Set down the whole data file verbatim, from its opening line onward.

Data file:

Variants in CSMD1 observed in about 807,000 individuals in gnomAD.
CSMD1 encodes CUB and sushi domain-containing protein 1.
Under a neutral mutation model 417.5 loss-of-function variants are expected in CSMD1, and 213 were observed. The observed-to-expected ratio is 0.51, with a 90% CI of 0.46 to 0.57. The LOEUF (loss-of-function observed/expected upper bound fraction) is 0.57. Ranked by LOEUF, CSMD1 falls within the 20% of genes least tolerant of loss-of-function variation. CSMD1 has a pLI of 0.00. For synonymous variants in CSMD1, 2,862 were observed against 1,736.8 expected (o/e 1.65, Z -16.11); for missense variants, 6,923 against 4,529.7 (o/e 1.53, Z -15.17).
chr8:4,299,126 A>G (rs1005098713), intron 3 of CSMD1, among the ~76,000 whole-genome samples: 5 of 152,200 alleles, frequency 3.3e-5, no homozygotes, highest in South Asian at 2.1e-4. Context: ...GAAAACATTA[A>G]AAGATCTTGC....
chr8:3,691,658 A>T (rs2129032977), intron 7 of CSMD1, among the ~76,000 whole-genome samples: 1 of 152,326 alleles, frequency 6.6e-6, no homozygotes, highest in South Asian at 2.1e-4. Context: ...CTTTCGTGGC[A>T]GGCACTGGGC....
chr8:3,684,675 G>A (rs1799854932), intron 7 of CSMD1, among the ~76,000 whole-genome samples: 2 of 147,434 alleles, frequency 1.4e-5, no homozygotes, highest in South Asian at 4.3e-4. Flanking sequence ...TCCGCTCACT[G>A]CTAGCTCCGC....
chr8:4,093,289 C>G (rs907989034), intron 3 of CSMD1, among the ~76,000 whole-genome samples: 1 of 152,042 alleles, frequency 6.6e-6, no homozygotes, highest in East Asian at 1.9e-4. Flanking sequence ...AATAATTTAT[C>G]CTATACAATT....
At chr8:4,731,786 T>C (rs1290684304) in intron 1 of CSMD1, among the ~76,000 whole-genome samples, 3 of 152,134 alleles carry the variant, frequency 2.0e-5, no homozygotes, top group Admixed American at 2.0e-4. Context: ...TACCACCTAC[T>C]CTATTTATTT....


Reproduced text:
Variants in CSMD1 observed in about 807,000 individuals in gnomAD.
CSMD1 encodes CUB and sushi domain-containing protein 1.
Under a neutral mutation model 417.5 loss-of-function variants are expected in CSMD1, and 213 were observed. The observed-to-expected ratio is 0.51, with a 90% CI of 0.46 to 0.57. The LOEUF (loss-of-function observed/expected upper bound fraction) is 0.57. Ranked by LOEUF, CSMD1 falls within the 20% of genes least tolerant of loss-of-function variation. CSMD1 has a pLI of 0.00. For synonymous variants in CSMD1, 2,862 were observed against 1,736.8 expected (o/e 1.65, Z -16.11); for missense variants, 6,923 against 4,529.7 (o/e 1.53, Z -15.17).
chr8:4,299,126 A>G (rs1005098713), intron 3 of CSMD1, among the ~76,000 whole-genome samples: 5 of 152,200 alleles, frequency 3.3e-5, no homozygotes, highest in South Asian at 2.1e-4. Context: ...GAAAACATTA[A>G]AAGATCTTGC....
chr8:3,691,658 A>T (rs2129032977), intron 7 of CSMD1, among the ~76,000 whole-genome samples: 1 of 152,326 alleles, frequency 6.6e-6, no homozygotes, highest in South Asian at 2.1e-4. Context: ...CTTTCGTGGC[A>T]GGCACTGGGC....
chr8:3,684,675 G>A (rs1799854932), intron 7 of CSMD1, among the ~76,000 whole-genome samples: 2 of 147,434 alleles, frequency 1.4e-5, no homozygotes, highest in South Asian at 4.3e-4. Flanking sequence ...TCCGCTCACT[G>A]CTAGCTCCGC....
chr8:4,093,289 C>G (rs907989034), intron 3 of CSMD1, among the ~76,000 whole-genome samples: 1 of 152,042 alleles, frequency 6.6e-6, no homozygotes, highest in East Asian at 1.9e-4. Flanking sequence ...AATAATTTAT[C>G]CTATACAATT....
At chr8:4,731,786 T>C (rs1290684304) in intron 1 of CSMD1, among the ~76,000 whole-genome samples, 3 of 152,134 alleles carry the variant, frequency 2.0e-5, no homozygotes, top group Admixed American at 2.0e-4. Context: ...TACCACCTAC[T>C]CTATTTATTT....